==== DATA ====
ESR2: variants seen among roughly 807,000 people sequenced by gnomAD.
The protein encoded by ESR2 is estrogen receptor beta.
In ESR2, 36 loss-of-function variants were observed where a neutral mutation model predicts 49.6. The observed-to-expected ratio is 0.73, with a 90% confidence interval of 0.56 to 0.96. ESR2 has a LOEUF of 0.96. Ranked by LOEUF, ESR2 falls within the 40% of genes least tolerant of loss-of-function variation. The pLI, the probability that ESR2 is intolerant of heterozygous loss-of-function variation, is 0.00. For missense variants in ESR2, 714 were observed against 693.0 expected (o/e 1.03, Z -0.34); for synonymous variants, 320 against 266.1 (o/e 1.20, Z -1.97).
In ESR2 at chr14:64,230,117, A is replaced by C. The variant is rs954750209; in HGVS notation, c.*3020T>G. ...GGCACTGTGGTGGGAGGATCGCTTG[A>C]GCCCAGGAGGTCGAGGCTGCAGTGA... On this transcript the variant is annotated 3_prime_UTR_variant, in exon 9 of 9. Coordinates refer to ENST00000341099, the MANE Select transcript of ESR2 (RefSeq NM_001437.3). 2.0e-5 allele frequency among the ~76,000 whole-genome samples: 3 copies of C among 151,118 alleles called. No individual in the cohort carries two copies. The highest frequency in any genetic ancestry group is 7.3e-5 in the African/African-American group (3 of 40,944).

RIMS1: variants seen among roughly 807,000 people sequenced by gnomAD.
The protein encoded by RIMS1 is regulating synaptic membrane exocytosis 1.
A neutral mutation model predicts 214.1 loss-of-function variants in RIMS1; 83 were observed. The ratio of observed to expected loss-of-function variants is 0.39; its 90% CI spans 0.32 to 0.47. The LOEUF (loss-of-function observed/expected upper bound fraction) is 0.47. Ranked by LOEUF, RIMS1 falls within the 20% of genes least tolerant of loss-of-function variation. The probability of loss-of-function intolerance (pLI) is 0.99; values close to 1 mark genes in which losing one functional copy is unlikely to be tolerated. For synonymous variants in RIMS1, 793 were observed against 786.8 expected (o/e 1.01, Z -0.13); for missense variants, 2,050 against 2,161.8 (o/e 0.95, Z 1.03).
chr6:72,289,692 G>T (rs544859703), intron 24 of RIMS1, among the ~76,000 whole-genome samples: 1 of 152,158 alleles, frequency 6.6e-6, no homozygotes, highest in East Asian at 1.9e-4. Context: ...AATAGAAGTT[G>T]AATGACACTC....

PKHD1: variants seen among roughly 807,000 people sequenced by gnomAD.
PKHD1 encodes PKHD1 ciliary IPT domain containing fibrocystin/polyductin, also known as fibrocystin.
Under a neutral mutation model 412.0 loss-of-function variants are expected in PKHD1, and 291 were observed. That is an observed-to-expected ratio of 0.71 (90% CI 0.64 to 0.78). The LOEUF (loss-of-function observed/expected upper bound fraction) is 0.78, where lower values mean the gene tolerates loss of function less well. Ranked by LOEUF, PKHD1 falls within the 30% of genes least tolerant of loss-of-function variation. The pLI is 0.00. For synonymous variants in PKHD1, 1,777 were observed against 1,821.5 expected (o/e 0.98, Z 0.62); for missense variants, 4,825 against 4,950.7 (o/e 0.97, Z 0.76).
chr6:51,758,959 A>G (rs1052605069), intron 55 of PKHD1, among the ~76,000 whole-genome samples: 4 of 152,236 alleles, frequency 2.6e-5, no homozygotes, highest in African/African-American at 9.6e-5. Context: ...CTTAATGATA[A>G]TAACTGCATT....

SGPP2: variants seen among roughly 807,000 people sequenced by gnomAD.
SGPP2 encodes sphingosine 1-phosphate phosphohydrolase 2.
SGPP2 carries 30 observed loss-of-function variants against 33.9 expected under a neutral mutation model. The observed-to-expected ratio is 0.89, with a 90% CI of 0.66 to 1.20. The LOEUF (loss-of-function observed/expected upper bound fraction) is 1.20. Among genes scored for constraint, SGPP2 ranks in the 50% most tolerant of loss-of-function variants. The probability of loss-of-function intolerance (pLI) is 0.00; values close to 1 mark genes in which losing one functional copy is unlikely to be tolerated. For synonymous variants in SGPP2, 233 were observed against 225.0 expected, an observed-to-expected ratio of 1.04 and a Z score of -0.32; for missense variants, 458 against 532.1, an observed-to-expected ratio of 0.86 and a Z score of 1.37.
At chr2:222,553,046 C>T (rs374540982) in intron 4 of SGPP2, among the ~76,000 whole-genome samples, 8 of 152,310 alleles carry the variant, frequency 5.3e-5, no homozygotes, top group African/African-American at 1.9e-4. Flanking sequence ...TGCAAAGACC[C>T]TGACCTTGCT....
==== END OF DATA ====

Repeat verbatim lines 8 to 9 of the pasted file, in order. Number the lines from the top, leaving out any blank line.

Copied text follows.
chr6:72,289,692 G>T (rs544859703), intron 24 of RIMS1, among the ~76,000 whole-genome samples: 1 of 152,158 alleles, frequency 6.6e-6, no homozygotes, highest in East Asian at 1.9e-4. Context: ...AATAGAAGTT[G>T]AATGACACTC....

PKHD1: variants seen among roughly 807,000 people sequenced by gnomAD.